It doesn't matter whether the public is right or wrong. The public resides in a world in which officials are cowardly at best, stubbornly putrid as the norm and out-and-out result-shifters at worst because nobody has ever bothered to explain to them why it isn't necessarily so. The audience just learned to its consternation that technical fouls don't actually matter because they aren't last warnings but a quiet tut from a kindly yet disinterested aunt who doesn't want to tear herself away from whomever Judge Judy is shrieking at. Draymond Green knows that for sure.

So 9 a.m. came, and Foster's name was first among the names listed for the three-man crew for Game 3, with allegedly knowing conspiratorial nods from both Celtics and Warriors fans, mostly because there are only four officials that anyone other than the nerd brigade actually knows. Zach Zarba is the second because of recency bias. Tony Brothers is the third, because his eyebrows were designed by a Polish quilting bee. And Ed Malloy because of this, even though Malloy is only an alternate in this series.

The league will hope nothing untoward happens in Game 3, and that the two teams still trying to find a consistent form will not bring Foster, Guthrie, and Kirkland to the scorer's table too often for hostage-video quality explanations of whether a foul is a Flagrant Zero, a Flagrant 0.5, or a Flagrant 0.8. Even if tonight's game is piefight fun as the first two games have been, that won't be how they are remembered if you see Foster explaining something more than once, or at any time in the fourth quarter.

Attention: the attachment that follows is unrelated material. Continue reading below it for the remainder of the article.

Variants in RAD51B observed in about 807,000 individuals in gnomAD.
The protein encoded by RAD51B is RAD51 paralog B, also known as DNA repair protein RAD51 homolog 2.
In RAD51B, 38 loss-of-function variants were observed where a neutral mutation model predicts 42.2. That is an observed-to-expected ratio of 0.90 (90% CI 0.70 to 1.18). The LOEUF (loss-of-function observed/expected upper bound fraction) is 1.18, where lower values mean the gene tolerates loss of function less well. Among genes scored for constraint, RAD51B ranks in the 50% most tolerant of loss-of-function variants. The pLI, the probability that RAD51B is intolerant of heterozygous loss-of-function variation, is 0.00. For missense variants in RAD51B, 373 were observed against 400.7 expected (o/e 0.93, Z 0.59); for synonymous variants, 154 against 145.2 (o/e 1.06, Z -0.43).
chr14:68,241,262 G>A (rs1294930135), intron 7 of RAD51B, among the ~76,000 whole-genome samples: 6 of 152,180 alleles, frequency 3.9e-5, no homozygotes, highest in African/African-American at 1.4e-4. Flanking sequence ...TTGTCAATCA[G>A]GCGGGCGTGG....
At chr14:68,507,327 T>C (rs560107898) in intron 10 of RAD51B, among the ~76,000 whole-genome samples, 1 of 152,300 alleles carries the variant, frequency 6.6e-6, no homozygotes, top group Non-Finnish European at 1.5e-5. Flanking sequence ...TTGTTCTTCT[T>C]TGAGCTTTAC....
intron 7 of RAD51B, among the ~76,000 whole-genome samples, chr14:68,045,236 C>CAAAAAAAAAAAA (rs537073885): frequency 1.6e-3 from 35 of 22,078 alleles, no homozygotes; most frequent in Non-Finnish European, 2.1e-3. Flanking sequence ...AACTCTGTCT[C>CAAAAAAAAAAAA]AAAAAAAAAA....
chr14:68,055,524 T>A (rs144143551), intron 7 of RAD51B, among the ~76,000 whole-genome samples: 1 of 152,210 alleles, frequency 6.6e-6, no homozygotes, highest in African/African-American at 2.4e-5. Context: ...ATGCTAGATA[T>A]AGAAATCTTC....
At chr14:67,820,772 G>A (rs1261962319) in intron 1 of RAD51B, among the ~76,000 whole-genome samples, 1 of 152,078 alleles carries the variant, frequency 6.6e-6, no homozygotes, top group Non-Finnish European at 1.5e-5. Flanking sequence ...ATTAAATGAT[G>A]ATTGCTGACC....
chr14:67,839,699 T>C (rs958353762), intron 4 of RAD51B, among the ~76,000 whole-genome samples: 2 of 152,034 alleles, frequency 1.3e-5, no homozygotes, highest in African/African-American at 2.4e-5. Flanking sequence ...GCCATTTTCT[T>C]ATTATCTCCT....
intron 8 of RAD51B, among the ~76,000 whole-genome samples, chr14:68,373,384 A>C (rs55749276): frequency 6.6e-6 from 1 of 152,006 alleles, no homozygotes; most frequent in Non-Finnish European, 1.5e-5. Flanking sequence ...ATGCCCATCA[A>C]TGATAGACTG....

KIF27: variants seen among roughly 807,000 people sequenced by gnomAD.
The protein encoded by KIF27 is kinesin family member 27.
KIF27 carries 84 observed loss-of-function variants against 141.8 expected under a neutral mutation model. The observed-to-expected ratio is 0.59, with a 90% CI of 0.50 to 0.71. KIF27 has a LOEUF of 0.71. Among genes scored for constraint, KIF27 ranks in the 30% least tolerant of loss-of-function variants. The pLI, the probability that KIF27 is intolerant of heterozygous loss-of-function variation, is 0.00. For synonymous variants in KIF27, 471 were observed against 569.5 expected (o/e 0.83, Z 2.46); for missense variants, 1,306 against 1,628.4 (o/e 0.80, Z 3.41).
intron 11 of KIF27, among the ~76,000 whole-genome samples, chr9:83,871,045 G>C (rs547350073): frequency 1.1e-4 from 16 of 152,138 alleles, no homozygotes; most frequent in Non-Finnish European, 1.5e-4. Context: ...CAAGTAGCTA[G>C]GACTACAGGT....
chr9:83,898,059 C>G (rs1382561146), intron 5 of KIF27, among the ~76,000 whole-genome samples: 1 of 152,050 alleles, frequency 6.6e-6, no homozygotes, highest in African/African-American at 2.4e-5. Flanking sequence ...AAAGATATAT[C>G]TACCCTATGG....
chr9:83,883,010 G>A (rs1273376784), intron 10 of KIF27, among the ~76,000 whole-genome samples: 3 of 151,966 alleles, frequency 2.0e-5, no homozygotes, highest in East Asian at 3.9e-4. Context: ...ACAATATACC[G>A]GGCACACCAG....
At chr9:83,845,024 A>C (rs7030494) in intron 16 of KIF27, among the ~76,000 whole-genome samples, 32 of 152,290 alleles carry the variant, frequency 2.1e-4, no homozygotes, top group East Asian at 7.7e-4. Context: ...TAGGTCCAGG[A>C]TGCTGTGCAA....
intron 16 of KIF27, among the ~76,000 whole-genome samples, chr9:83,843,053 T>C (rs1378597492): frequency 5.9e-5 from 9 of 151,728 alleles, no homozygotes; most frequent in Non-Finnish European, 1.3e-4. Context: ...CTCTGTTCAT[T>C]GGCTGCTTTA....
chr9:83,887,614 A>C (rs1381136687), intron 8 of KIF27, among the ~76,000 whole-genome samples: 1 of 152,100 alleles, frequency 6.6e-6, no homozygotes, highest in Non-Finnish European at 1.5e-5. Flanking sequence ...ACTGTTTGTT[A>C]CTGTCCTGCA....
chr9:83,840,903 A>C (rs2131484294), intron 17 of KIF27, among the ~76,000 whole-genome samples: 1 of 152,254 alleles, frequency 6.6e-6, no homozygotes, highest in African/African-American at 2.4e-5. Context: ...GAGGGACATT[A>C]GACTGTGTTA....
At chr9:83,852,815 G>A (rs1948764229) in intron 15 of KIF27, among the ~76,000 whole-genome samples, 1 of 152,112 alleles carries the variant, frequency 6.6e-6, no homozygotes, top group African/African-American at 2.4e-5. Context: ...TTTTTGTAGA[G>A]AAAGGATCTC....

So, Scott Foster. This is his time. You'll hate it. Even if you secretly like it. And the NBA will aggressively not care because it knows better than to try to explain time-honored inconsistencies. And now that Steve Javie has explained that fact to a slack-jawed and confused nation, you can’t say the league hasn’t asked for this. In other words, Foster better save everyone's ass tonight, and good luck with that.